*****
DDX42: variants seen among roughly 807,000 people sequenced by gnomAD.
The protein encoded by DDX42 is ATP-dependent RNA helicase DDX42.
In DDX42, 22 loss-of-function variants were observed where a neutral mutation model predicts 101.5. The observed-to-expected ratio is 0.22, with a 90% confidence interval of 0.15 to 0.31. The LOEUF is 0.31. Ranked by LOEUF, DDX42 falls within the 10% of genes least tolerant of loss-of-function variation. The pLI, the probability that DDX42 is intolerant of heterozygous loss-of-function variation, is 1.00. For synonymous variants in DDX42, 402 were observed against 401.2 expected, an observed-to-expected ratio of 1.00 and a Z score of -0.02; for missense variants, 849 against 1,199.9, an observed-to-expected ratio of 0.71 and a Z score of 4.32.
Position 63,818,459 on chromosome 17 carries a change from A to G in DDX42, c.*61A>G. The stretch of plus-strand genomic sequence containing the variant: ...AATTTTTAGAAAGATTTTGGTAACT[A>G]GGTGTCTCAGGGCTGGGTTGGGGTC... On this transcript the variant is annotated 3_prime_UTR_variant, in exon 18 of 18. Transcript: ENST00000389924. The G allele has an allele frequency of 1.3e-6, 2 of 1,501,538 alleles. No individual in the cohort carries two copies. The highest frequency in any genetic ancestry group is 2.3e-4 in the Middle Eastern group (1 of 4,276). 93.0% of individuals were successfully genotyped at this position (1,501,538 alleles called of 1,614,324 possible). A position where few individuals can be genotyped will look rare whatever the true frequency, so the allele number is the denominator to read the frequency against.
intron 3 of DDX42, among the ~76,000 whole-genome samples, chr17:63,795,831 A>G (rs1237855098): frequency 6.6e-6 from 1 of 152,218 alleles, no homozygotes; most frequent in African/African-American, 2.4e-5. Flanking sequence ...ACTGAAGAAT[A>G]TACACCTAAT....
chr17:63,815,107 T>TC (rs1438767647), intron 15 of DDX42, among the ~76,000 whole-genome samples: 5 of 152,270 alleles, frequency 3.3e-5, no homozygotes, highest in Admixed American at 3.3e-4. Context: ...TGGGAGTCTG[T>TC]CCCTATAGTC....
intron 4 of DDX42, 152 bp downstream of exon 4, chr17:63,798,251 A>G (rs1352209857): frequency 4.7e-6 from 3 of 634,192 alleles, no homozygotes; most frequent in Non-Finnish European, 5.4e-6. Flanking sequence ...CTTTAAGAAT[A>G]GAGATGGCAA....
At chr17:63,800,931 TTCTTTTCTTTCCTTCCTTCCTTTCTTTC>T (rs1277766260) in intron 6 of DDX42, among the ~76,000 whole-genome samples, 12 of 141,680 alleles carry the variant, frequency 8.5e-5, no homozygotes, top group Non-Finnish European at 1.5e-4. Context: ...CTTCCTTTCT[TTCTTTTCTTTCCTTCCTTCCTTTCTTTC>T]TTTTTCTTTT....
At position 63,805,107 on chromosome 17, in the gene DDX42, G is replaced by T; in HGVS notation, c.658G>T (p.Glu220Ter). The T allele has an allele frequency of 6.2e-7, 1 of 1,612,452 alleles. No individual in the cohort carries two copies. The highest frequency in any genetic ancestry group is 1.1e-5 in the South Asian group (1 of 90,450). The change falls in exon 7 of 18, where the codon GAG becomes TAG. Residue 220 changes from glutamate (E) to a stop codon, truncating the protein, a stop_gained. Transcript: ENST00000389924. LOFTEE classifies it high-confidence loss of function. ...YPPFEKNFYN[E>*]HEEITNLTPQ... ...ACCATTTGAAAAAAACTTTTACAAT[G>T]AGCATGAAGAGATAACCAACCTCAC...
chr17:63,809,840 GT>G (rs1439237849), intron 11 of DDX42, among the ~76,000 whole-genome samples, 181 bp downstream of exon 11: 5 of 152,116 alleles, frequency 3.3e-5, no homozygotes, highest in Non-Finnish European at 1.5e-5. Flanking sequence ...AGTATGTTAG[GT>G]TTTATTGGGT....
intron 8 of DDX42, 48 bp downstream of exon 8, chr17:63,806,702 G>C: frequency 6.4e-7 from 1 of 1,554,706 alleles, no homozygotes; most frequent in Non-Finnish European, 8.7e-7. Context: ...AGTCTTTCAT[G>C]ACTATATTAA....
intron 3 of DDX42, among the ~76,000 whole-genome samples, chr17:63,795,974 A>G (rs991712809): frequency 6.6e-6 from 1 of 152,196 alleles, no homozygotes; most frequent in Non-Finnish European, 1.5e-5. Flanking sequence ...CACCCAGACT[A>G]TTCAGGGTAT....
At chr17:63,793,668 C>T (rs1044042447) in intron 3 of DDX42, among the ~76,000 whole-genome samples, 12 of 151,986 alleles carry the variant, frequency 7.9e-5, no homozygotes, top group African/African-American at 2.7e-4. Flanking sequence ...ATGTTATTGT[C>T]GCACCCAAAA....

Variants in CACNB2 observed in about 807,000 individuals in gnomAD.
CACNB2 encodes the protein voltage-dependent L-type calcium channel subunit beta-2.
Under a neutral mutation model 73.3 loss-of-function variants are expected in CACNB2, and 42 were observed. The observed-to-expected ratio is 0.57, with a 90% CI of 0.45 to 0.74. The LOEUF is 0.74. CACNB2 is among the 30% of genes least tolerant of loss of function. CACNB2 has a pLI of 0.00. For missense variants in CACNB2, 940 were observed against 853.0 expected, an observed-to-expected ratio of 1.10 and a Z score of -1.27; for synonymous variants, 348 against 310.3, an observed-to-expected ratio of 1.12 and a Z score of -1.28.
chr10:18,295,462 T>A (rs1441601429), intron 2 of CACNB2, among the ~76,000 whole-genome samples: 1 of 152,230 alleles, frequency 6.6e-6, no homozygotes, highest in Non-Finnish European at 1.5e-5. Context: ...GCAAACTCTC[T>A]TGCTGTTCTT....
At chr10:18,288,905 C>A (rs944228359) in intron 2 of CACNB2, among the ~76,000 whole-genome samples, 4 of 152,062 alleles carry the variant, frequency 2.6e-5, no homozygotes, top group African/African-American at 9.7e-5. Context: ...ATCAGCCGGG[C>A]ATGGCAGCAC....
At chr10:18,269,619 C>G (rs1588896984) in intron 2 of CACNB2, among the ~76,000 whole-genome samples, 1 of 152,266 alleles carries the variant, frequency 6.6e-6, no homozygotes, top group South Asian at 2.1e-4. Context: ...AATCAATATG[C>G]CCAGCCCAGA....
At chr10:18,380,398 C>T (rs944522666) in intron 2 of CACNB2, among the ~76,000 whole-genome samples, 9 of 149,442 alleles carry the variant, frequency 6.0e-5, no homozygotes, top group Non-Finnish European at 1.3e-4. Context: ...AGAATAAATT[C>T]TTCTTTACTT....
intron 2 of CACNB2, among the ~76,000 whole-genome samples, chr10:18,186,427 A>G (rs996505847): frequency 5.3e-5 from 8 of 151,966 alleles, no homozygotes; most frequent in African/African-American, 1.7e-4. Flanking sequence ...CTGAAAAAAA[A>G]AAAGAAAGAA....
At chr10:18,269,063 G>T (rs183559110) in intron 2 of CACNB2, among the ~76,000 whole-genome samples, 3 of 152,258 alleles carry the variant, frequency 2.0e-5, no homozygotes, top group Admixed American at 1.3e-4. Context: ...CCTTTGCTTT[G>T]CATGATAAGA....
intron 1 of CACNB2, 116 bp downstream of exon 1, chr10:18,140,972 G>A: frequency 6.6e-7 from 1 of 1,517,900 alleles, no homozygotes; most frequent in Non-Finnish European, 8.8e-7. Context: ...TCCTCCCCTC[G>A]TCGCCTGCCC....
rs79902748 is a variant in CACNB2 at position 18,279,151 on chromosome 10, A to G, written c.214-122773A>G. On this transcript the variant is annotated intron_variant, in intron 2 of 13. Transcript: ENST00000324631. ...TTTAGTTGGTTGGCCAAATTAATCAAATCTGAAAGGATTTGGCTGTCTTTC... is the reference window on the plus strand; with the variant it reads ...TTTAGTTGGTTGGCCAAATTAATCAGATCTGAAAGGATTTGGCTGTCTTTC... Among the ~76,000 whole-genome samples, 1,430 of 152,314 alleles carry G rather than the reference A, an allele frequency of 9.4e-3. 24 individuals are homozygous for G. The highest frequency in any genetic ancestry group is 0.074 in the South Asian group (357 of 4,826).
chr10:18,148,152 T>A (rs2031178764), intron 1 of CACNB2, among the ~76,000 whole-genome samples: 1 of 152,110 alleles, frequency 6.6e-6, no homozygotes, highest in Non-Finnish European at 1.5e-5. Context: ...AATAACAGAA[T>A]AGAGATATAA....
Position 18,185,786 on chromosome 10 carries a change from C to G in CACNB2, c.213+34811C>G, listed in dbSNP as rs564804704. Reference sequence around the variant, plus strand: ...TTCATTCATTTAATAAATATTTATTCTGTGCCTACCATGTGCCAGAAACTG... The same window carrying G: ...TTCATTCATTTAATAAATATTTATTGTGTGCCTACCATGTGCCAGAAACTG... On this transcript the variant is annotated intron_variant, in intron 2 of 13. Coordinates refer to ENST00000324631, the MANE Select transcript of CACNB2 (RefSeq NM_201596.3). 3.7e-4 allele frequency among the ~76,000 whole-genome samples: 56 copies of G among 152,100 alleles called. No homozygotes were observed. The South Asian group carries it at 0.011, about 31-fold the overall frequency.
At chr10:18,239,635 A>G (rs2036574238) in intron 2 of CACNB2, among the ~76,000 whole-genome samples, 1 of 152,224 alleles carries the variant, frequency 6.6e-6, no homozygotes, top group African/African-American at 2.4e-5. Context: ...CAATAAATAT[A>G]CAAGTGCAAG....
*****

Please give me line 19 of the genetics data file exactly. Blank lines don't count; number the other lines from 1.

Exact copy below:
At chr10:18,269,619 C>G (rs1588896984) in intron 2 of CACNB2, among the ~76,000 whole-genome samples, 1 of 152,266 alleles carries the variant, frequency 6.6e-6, no homozygotes, top group South Asian at 2.1e-4. Context: ...AATCAATATG[C>G]CCAGCCCAGA....